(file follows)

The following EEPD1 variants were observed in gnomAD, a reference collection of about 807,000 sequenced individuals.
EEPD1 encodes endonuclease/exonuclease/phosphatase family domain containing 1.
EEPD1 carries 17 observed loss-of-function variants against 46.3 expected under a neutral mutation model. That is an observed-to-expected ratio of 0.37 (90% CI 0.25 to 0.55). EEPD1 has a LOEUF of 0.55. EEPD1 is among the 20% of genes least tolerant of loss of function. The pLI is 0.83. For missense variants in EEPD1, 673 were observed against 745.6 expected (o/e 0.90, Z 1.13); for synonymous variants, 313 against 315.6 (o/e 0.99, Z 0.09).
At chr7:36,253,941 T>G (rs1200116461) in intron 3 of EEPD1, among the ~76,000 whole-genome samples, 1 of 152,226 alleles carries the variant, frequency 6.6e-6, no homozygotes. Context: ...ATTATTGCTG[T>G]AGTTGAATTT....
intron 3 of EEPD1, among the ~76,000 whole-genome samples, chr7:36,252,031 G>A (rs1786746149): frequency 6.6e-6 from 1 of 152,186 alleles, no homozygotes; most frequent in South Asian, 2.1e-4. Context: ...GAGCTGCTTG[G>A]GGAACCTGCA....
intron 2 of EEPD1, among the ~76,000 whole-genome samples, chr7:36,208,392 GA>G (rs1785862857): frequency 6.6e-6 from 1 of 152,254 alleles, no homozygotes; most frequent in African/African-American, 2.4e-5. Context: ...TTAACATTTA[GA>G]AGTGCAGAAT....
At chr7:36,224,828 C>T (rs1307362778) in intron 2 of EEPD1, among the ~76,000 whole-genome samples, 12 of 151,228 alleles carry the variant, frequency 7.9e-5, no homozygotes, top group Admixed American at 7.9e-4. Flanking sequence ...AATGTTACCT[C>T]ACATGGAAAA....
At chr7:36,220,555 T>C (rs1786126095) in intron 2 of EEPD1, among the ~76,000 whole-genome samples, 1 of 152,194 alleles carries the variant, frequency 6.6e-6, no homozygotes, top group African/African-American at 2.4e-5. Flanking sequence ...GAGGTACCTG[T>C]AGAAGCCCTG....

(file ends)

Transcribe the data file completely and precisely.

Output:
The following EEPD1 variants were observed in gnomAD, a reference collection of about 807,000 sequenced individuals.
EEPD1 encodes endonuclease/exonuclease/phosphatase family domain containing 1.
EEPD1 carries 17 observed loss-of-function variants against 46.3 expected under a neutral mutation model. That is an observed-to-expected ratio of 0.37 (90% CI 0.25 to 0.55). EEPD1 has a LOEUF of 0.55. EEPD1 is among the 20% of genes least tolerant of loss of function. The pLI is 0.83. For missense variants in EEPD1, 673 were observed against 745.6 expected (o/e 0.90, Z 1.13); for synonymous variants, 313 against 315.6 (o/e 0.99, Z 0.09).
At chr7:36,253,941 T>G (rs1200116461) in intron 3 of EEPD1, among the ~76,000 whole-genome samples, 1 of 152,226 alleles carries the variant, frequency 6.6e-6, no homozygotes. Context: ...ATTATTGCTG[T>G]AGTTGAATTT....
intron 3 of EEPD1, among the ~76,000 whole-genome samples, chr7:36,252,031 G>A (rs1786746149): frequency 6.6e-6 from 1 of 152,186 alleles, no homozygotes; most frequent in South Asian, 2.1e-4. Context: ...GAGCTGCTTG[G>A]GGAACCTGCA....
intron 2 of EEPD1, among the ~76,000 whole-genome samples, chr7:36,208,392 GA>G (rs1785862857): frequency 6.6e-6 from 1 of 152,254 alleles, no homozygotes; most frequent in African/African-American, 2.4e-5. Context: ...TTAACATTTA[GA>G]AGTGCAGAAT....
At chr7:36,224,828 C>T (rs1307362778) in intron 2 of EEPD1, among the ~76,000 whole-genome samples, 12 of 151,228 alleles carry the variant, frequency 7.9e-5, no homozygotes, top group Admixed American at 7.9e-4. Flanking sequence ...AATGTTACCT[C>T]ACATGGAAAA....
At chr7:36,220,555 T>C (rs1786126095) in intron 2 of EEPD1, among the ~76,000 whole-genome samples, 1 of 152,194 alleles carries the variant, frequency 6.6e-6, no homozygotes, top group African/African-American at 2.4e-5. Flanking sequence ...GAGGTACCTG[T>C]AGAAGCCCTG....